Geoff:              Once you get all that information, you tell the you want the information. What’s the next part then, to prep?

Brad:               Well getting ready for the trial means that you got your witnesses together. And you’ve got to know what witnesses they’re going to have and then once that happens. Well, something else happens before that. A guardian ad litem gets involved.

Geoff:              Oh, right. We’ve talked about of this before.

Brad:               And guardian ad litems are attorneys who are appointed to represent the best interest of the child. And in cases they carry a lot of weigh because they will provide a recommendation to the court about who they think should get custody.

Geoff:              Now when that happens, are their two separate ones? Like one spouse and one for the other one? Or is it one guardian ad litem period that does both? Do you see what I’m saying? Because you saying [inaudible 09:50] is to make sure.

Brad:               There’s only one.

Geoff:              Okay.

Brad:               There’s one guardian ad litem who’s appointed to represent the best interest of the children.

Geoff:              Okay. I didn’t know if on both sides . . . okay. I got you.

Brad.               Yeah, no. Dad doesn’t have a guardian ad litem. Mom doesn’t have a guardian ad litem. There’s only one guardian ad litem.

Geoff:              [inaudible 10:03]

Brad:               No, that’s a good question, because a lot of times people . . . I mean even the word itself sounds odd to laypeople. What’s a guardian ad litem?

Geoff:              Right.

Brad:               But it’s simply a fancy word that means it’s an attorney who’s appointed to represent the best interest of the children to the court. And they will provide a recommendation about who should get custody or they will provide a recommendation on how visitation . . . what visitation should look like. They will provide those recommendations.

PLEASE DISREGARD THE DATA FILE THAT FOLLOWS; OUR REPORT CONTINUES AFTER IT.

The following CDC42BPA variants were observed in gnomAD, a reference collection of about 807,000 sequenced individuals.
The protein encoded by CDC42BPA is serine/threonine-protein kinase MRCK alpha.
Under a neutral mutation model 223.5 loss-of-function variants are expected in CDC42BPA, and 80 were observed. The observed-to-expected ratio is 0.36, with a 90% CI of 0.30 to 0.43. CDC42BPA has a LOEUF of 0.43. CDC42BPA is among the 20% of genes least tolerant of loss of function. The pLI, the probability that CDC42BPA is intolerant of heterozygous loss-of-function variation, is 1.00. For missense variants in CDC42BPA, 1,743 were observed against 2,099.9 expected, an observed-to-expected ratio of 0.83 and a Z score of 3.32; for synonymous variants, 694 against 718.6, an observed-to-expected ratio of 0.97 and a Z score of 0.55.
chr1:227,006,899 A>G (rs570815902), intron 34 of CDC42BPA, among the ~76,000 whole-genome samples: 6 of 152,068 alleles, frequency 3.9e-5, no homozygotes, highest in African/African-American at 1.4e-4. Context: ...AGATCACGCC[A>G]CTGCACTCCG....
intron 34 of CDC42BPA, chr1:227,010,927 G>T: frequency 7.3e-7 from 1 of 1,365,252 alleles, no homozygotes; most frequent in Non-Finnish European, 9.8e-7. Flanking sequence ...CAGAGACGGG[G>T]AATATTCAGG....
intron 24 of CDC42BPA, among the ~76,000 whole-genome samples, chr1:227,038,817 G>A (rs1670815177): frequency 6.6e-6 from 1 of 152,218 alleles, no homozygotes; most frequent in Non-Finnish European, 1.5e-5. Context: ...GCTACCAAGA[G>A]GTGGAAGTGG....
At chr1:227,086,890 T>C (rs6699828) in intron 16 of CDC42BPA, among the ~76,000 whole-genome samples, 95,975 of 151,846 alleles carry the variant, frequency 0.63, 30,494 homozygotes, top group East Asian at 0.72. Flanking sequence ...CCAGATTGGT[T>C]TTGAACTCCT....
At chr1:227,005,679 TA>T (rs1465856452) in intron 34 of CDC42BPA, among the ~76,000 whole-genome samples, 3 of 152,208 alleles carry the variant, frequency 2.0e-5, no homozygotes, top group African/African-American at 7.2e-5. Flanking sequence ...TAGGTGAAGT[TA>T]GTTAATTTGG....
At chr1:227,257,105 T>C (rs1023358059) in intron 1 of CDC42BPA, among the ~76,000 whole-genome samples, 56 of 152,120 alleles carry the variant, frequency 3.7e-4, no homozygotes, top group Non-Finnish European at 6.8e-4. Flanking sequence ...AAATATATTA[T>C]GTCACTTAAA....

Geoff:              For an idea for somebody listening, how long does some like overall does that take for them to figure out for that side and to get all your witnesses and everything lined up?

Brad:               [inaudible 10:43].

Geoff:              Are you saying like a year?

Brad:               Sometimes. Sometimes it’s longer than that.

Geoff:              Wow. No kidding.

Brad:               I mean, I can imagine in our court system and having custody trials in six months but sometimes it’s a lot longer than that just because that’s a lot of information that needs to be gathered. Sometimes the attorneys of the parties are not pressing quickly for trial. But there’s a lot of information that needs to be gathered. It’s modification of custody is a big deal. It’s not something that happens overnight. People want to happen overnight. People especially want to happen overnight. When say they want to move out of state and take their children with them, but that’s a significant analysis the court has to do. But in terms of prepping, guardian ad litems are important for prepping. Because if you have to know what they’re going to say. If the guardian ad litem says that your client should not get custody, guess what, you’ve got a problem on your hands.

Geoff:              Yeah.

Brad:               Because they are perceived by the court to be disinterested. They are perceived by the court to be an attorney who is not biased and they’re trying their best to look out for the best interest of children. And the way to get around that is you can find ways to impeach the guardian ad litem, meaning well, maybe they didn’t talk to . . . they talked to witnesses, A, B, and C but they didn’t talk to D and E. You know what I mean?

Geoff:              Now one of the things you told me before, for those asking this, they also asked people like teachers or anybody involved at all, right? [inaudible 12:20] daycare also the guardian ad litem goes in to ask them also which parent is more active or maybe something they’ve seen or heard or something as well?

Brad:               Sure.

Geoff:              So they’re asking everybody questions.

Brad:               Yeah. Their job is to interview all witnesses and try to get a feel for child’s life and what other people are saying about child’s life and not just the parents. That’s their job. Absolutely. So, you got to know what the guardian ad litem is going to say because of they’re against your client, you’ve got to find ways to basically discredit them.